If you'd like to breed one of the larger lizards that are
commonly kept as pets, the Bearded Dragon Agama is
relatively easy to breed. The Bearded Dragon Agama, also
known as the Yellow-headed Agama, is gentle, and makes a
good pet. They are often bought in pairs because this lizard
is a bit more social than other lizards, however it is not a
good idea to pair two males together during mating season.
Male Bearded Dragon Agamas often become more aggressive
during mating season, which leads to fights and stress for
The first step to breeding is of course to make sure that
you have a pair. The male Bearded Dragon Agama has a larger
head than the female, and under the tail you will see two
bulges with a dimple between, the marks of the male. During
breeding season, the male Bearded Dragon also undergoes a
color change, becoming almost black.
A big indicator that your lizard is a female is that females
don't change color during mating season and they often grow
bigger than their male counterparts.
During the breeding season, make sure that your female has
adequate vitamins, calcium and other minerals. You should
also slightly increase the protein content of her food by
giving her plenty of insects to eat. You will also need to
provide each female with a private egg laying spot, such as
a covered bowl or box with an opening large enough for her,
with 4-5 inches of perlite or vermiculite as a substrate.
After breeding, the female should lay an average of 16 eggs.
Some will lay considerably more, but usually not all eggs
will hatch. Incubation takes from 55 to 80 days, depending
on temperature and humidity. Segregating the female from the
male when you are sure that she is pregnant is a good idea.
But keep in mind that the female, because she is stressed
due to breeding season, will not want any environment
changes. So having another glassed enclosure ready for the
male to move into is a better idea than moving the female
from a familiar environment.
Having a second pen is not only good during breeding season
if you intend to breed, it's also good for segregating a
sick Agama and for those frequent times you clean the other
glass enclosure. Bearded Dragon Agamas are messy and their
glass pens will have to cleaned at least once a week.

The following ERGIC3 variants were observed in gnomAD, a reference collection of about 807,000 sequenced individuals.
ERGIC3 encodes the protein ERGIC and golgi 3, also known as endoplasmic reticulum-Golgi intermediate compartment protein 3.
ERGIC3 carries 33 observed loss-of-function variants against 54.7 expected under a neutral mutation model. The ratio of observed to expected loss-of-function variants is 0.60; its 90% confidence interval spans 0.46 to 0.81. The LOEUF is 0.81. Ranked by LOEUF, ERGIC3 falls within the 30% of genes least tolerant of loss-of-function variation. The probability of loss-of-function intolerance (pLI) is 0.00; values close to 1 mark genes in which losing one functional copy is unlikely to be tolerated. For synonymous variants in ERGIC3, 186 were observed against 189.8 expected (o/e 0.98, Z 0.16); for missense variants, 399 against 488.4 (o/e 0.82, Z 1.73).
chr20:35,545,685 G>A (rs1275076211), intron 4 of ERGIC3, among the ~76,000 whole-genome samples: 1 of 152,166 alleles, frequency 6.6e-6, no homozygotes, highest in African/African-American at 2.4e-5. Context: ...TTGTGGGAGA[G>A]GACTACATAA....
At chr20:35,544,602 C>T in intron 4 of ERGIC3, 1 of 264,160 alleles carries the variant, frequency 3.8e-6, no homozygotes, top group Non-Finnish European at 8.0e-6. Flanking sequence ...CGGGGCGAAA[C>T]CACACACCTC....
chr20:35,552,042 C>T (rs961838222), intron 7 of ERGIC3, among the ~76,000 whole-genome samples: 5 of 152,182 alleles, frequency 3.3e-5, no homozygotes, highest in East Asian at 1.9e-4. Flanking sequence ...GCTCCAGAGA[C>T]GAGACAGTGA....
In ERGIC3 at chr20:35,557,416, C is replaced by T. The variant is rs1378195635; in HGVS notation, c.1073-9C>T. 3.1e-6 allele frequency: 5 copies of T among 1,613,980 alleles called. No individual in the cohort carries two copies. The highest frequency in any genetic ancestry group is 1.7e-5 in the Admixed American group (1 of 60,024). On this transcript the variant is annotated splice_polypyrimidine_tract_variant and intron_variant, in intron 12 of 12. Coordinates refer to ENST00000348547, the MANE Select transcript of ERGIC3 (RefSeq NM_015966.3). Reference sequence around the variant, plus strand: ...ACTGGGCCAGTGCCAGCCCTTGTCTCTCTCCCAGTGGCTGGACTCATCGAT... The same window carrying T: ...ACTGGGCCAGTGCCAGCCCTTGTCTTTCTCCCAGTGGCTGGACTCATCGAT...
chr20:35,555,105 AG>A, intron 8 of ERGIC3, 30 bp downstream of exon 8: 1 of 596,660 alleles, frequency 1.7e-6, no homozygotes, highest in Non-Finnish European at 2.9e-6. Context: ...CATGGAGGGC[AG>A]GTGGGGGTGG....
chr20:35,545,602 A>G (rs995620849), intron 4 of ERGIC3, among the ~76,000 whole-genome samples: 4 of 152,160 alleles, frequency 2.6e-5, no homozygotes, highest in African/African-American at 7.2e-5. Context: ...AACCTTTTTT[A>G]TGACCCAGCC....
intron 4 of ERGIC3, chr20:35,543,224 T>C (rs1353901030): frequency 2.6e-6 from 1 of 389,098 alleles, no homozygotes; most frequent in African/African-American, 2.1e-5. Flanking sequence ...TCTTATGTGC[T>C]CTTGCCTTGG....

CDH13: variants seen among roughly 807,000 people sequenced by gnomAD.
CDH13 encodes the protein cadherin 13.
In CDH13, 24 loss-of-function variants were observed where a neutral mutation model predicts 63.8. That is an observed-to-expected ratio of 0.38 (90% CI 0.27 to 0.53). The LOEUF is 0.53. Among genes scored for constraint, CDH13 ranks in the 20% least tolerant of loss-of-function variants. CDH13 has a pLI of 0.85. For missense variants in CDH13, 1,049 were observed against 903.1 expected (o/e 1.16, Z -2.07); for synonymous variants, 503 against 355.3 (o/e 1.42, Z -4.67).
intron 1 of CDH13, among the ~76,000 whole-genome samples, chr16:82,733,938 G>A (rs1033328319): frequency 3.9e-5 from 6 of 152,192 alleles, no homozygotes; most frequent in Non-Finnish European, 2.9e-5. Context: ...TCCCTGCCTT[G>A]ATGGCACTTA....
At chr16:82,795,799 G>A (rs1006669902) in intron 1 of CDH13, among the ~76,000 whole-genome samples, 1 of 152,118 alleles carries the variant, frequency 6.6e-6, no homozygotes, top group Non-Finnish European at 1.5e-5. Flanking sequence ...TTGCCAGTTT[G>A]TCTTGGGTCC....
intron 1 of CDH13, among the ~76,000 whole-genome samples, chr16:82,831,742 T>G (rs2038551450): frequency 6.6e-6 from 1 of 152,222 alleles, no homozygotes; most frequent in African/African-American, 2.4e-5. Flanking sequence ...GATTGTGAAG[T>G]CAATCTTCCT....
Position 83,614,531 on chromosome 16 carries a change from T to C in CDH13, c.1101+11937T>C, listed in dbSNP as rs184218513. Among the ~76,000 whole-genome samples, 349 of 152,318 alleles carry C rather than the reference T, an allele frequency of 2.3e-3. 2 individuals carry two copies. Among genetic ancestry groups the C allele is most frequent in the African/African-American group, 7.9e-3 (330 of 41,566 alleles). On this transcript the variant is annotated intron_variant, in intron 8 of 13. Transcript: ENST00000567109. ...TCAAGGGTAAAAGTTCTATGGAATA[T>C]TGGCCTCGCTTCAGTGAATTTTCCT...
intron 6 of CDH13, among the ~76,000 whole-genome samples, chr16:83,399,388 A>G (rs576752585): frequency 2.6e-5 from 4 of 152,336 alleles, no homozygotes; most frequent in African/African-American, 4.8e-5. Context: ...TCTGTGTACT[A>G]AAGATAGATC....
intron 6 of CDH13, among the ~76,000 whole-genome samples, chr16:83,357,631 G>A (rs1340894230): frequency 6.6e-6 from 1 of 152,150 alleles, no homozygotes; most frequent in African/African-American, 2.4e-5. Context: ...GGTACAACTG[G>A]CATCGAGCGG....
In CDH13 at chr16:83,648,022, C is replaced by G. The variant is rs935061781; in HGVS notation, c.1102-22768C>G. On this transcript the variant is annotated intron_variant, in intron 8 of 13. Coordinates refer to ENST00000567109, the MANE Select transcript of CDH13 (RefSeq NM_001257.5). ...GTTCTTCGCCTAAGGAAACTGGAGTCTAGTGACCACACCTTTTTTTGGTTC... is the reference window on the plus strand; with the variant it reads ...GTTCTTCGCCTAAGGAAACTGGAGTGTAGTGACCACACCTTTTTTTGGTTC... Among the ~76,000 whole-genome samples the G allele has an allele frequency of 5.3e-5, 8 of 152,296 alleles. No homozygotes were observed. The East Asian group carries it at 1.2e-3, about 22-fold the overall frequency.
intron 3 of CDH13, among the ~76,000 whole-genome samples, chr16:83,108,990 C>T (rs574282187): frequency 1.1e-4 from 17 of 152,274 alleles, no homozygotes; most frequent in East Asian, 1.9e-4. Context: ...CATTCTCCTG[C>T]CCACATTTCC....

Unfamiliar environment changes can stress any animal so
having a second enclosure they are familiar with is also
good for this reason. The number one killer of Bearded
Dragon Agamas is stress that leads to sickness. This is
doubly true of breeding female Bearded Dragon Agamas.
It is not unheard of for the female Bearded Dragon Agama to
lay eggs even if a male is not present. The female will make
a shallow nest in the sand or in whatever litter you
provide. These eggs are infertile and can be discarded.
It is also not unheard of for the Bearded Dragon Agama
female to eat its newly hatched babies, so when the eggs
start to hatch returning the female to the pen with the male
is recommended, if you have allowed the eggs to hatch
naturally. If you have incubated them, (80 to 85 degrees F.,
plenty of humidity) just put the hatchlings into a tank of
their own, give them water and a little food such as tiny
crickets that have been dusted with reptile
vitamins/calcium, and enjoy.
Once the little lizards hatch, keeping too many together in
one pen is a bad idea. Six in a large pen is okay, but once
they get their growth going, keep in mind that you will have
to buy more pens. Once they become adult, two in a 3 to 4
foot pen is adequate. You will have to chop up the food for
the babies. Choking is a hazard for the little lizards. They
eat exactly what the adults eat, just in smaller portions.
Keep to this simple advice and you should have no trouble
breeding Bearded Dragon Agamas. Good luck and happy